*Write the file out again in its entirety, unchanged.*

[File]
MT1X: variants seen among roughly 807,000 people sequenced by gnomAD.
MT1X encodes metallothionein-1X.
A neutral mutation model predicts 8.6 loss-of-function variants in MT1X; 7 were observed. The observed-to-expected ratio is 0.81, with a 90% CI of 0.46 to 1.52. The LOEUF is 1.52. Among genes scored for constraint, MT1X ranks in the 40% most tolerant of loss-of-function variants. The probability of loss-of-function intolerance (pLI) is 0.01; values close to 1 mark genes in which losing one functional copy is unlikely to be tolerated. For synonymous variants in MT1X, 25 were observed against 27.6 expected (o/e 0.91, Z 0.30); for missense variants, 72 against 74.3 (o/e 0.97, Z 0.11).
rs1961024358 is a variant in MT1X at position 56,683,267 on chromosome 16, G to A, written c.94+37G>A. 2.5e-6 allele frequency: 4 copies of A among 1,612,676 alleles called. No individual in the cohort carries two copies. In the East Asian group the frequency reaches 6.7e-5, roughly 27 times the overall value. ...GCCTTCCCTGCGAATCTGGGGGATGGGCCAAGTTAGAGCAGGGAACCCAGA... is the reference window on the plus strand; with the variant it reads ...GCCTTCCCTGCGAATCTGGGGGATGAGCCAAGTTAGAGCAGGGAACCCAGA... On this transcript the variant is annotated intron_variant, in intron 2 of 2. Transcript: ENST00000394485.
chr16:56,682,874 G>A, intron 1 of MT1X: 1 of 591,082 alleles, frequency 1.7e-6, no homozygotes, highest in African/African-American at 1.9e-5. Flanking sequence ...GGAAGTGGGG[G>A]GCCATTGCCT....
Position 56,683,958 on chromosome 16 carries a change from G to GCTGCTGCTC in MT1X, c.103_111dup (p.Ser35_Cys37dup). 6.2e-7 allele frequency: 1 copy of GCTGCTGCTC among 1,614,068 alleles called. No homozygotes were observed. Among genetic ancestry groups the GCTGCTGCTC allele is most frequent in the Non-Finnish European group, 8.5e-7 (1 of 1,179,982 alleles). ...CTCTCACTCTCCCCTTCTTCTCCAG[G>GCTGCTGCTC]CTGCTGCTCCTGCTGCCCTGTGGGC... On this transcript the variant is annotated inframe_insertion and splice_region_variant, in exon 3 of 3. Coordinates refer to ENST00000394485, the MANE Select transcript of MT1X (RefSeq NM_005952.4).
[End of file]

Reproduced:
MT1X: variants seen among roughly 807,000 people sequenced by gnomAD.
MT1X encodes metallothionein-1X.
A neutral mutation model predicts 8.6 loss-of-function variants in MT1X; 7 were observed. The observed-to-expected ratio is 0.81, with a 90% CI of 0.46 to 1.52. The LOEUF is 1.52. Among genes scored for constraint, MT1X ranks in the 40% most tolerant of loss-of-function variants. The probability of loss-of-function intolerance (pLI) is 0.01; values close to 1 mark genes in which losing one functional copy is unlikely to be tolerated. For synonymous variants in MT1X, 25 were observed against 27.6 expected (o/e 0.91, Z 0.30); for missense variants, 72 against 74.3 (o/e 0.97, Z 0.11).
rs1961024358 is a variant in MT1X at position 56,683,267 on chromosome 16, G to A, written c.94+37G>A. 2.5e-6 allele frequency: 4 copies of A among 1,612,676 alleles called. No individual in the cohort carries two copies. In the East Asian group the frequency reaches 6.7e-5, roughly 27 times the overall value. ...GCCTTCCCTGCGAATCTGGGGGATGGGCCAAGTTAGAGCAGGGAACCCAGA... is the reference window on the plus strand; with the variant it reads ...GCCTTCCCTGCGAATCTGGGGGATGAGCCAAGTTAGAGCAGGGAACCCAGA... On this transcript the variant is annotated intron_variant, in intron 2 of 2. Transcript: ENST00000394485.
chr16:56,682,874 G>A, intron 1 of MT1X: 1 of 591,082 alleles, frequency 1.7e-6, no homozygotes, highest in African/African-American at 1.9e-5. Flanking sequence ...GGAAGTGGGG[G>A]GCCATTGCCT....
Position 56,683,958 on chromosome 16 carries a change from G to GCTGCTGCTC in MT1X, c.103_111dup (p.Ser35_Cys37dup). 6.2e-7 allele frequency: 1 copy of GCTGCTGCTC among 1,614,068 alleles called. No homozygotes were observed. Among genetic ancestry groups the GCTGCTGCTC allele is most frequent in the Non-Finnish European group, 8.5e-7 (1 of 1,179,982 alleles). ...CTCTCACTCTCCCCTTCTTCTCCAG[G>GCTGCTGCTC]CTGCTGCTCCTGCTGCCCTGTGGGC... On this transcript the variant is annotated inframe_insertion and splice_region_variant, in exon 3 of 3. Coordinates refer to ENST00000394485, the MANE Select transcript of MT1X (RefSeq NM_005952.4).